Oscar-Nominated Italian Director Franco Zeffirelli Dies at 96

The world of film has lost a true legend today, as Italian film director Franco Zeffirelli passed away at the age of 96. Throughout his illustrious career, Zeffirelli directed numerous acclaimed productions, including the iconic 1968 adaptation of Romeo and Juliet, which featured a young Leonard Whiting and Olivia Hussey in their breakout roles. Zeffirelli also worked with some of the biggest names in Hollywood, directing Elizabeth Taylor in Taming of the Shrew and Dame Judi Dench on stage in Romeo and Juliet. In addition to his filmmaking career, Zeffirelli served in the Italian senate for two terms, cementing his place as one of Italy’s most beloved cultural figures. He will be greatly missed by his many fans around the world.

Despite Bernard Holland’s critique of Franco Zeffirelli’s staging of Verdi’s masterpiece, the opera remained incredibly popular and sold out. While some may have agreed with Holland’s assessment of the director’s grandiose tendencies, many still held a deep admiration for Zeffirelli’s artistry. Among these admirers were a group of divas who found the director to be an invaluable collaborator. Mezzo-soprano Denyce Graves, for example, spoke glowingly of Zeffirelli’s work on his 1996 production of “Carmen,” describing how he helped her to create a memorable interpretation of the fiery lead character. Despite the mixed opinions on his style, there is no denying that Zeffirelli’s impact on the world of opera was immense – his larger-than-life productions continue to inspire awe and wonder in audiences around the world.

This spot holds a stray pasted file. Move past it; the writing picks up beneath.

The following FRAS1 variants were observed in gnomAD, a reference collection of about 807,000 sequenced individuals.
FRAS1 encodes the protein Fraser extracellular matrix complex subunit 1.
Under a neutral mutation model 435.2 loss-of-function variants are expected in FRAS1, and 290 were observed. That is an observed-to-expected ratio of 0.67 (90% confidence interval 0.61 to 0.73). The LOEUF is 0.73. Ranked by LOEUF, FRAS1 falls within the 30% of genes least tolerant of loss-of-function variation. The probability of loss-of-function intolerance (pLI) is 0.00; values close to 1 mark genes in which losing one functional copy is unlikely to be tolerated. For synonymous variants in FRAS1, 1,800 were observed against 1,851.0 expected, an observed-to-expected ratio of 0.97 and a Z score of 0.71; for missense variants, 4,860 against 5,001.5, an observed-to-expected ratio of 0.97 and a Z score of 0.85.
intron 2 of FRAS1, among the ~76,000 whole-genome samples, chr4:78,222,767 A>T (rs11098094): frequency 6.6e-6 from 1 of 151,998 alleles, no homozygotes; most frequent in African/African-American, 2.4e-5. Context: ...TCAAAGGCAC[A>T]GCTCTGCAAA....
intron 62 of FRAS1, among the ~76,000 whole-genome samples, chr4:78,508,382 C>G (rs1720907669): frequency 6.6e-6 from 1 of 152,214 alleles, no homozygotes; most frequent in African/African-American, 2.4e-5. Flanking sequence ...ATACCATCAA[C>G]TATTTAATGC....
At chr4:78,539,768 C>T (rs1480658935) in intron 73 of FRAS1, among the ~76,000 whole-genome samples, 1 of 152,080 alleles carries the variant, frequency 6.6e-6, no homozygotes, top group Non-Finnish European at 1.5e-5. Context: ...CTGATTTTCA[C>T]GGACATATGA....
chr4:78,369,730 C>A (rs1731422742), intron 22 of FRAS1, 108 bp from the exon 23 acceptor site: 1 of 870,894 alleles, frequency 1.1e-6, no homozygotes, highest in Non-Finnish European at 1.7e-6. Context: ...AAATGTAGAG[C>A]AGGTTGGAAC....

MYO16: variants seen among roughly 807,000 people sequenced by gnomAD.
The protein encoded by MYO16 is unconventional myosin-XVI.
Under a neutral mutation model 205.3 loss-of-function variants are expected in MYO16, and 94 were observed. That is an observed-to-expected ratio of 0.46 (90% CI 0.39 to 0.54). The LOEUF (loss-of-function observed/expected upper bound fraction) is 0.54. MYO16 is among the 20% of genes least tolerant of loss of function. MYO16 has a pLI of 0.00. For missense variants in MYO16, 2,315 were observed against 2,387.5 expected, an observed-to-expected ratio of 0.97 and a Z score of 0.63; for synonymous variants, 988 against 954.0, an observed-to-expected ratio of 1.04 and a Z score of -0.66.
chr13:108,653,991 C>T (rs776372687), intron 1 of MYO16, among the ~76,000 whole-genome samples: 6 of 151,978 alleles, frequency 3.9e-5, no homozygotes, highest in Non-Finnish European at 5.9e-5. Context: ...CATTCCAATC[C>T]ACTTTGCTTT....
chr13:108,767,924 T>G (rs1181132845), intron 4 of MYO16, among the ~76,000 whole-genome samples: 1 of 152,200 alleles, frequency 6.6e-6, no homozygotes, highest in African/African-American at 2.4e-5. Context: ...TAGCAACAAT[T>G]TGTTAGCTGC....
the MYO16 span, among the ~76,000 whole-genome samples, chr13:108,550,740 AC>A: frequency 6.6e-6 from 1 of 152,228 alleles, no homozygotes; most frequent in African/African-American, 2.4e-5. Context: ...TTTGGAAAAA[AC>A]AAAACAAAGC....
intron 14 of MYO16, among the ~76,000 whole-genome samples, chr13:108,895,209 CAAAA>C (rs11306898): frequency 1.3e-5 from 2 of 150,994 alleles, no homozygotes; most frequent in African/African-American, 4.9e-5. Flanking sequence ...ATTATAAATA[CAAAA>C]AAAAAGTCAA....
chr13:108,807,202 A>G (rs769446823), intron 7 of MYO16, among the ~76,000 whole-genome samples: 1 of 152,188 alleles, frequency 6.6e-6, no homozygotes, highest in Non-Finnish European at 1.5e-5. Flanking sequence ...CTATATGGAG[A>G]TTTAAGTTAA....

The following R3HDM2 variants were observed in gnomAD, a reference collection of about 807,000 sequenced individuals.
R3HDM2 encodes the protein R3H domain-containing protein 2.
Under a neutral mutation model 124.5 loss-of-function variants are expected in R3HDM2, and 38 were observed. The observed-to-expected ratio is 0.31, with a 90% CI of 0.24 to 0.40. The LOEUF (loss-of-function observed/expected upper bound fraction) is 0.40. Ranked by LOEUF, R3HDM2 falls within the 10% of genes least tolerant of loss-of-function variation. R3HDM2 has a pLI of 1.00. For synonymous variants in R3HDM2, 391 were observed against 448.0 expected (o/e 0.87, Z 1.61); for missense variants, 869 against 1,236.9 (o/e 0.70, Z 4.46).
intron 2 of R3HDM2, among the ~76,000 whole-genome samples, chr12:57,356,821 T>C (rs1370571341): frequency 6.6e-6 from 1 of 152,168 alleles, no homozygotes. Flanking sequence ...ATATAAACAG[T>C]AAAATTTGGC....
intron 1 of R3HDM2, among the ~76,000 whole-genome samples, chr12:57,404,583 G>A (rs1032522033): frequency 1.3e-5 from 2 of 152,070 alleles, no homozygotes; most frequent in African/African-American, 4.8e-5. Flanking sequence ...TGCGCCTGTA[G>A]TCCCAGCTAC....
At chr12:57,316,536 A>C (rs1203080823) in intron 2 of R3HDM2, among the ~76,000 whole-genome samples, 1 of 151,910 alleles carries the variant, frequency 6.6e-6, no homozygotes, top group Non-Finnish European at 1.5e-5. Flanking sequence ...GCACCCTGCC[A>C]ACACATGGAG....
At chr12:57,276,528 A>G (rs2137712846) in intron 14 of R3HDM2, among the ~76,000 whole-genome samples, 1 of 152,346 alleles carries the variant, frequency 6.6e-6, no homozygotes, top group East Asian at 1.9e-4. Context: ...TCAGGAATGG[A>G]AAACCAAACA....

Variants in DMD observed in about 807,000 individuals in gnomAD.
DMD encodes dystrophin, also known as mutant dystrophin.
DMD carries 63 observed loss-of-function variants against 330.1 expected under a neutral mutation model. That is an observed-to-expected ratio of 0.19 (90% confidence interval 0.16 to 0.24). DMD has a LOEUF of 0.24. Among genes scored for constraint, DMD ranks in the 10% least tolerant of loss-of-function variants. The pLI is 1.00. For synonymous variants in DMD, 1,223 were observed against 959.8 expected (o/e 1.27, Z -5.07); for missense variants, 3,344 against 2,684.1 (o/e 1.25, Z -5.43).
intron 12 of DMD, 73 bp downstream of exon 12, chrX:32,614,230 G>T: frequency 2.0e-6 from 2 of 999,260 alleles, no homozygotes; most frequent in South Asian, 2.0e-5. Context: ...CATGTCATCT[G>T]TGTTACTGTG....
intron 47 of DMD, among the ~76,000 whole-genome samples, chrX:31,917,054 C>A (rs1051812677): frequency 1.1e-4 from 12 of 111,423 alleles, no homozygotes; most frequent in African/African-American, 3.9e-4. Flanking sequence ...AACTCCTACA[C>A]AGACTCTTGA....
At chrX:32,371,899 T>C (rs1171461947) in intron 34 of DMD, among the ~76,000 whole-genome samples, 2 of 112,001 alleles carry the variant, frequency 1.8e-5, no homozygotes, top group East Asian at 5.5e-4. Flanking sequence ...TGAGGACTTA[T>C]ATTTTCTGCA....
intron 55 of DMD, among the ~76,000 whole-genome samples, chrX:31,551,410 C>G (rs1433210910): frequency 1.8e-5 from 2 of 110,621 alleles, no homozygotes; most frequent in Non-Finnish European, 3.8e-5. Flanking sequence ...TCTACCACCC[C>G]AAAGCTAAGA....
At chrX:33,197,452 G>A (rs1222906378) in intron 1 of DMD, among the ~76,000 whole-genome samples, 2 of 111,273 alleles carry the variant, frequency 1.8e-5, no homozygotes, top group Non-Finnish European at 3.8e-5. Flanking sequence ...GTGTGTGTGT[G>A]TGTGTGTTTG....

Few actors have been able to carve out a lasting legacy quite like the two-time Oscar nominee who also happens to be a member of Italy’s political class. Despite having established himself as a force to be reckoned with on the Hollywood scene, this charismatic personality also actively served two terms as a member of the Italian senate- a feat that easily sets him apart from others in his profession. Adding yet another feather to his impressive cap, he was later made a knight of the British empire in recognition of his significant contributions to the entertainment industry. It’s clear that this individual’s passion and dedication to making a difference in the world transcends just his acting prowess- he’s a real-life superhero with the deeds to match!

In 1959, Italian opera director Franco Zeffirelli received an invitation that would change the course of his career. Thanks to the recommendation of conductor Tullio Serafin, Zeffirelli was asked to direct Lucia di Lammermoor at Covent Garden in London. It was here that he would work with emerging soprano Joan Sutherland for the first time, marking the beginning of a fruitful artistic partnership. After impressing audiences with his realistic staging of Cavalleria Rusticana, Zeffirelli was invited to direct the double bill production of “Cav and Pag”. The British operagoers were stunned by the level of detail that was brought to the stage, once again establishing Zeffirelli as a master of his craft. These early successes in London would propel him to international fame, cementing his status as one of the greatest opera directors of all time.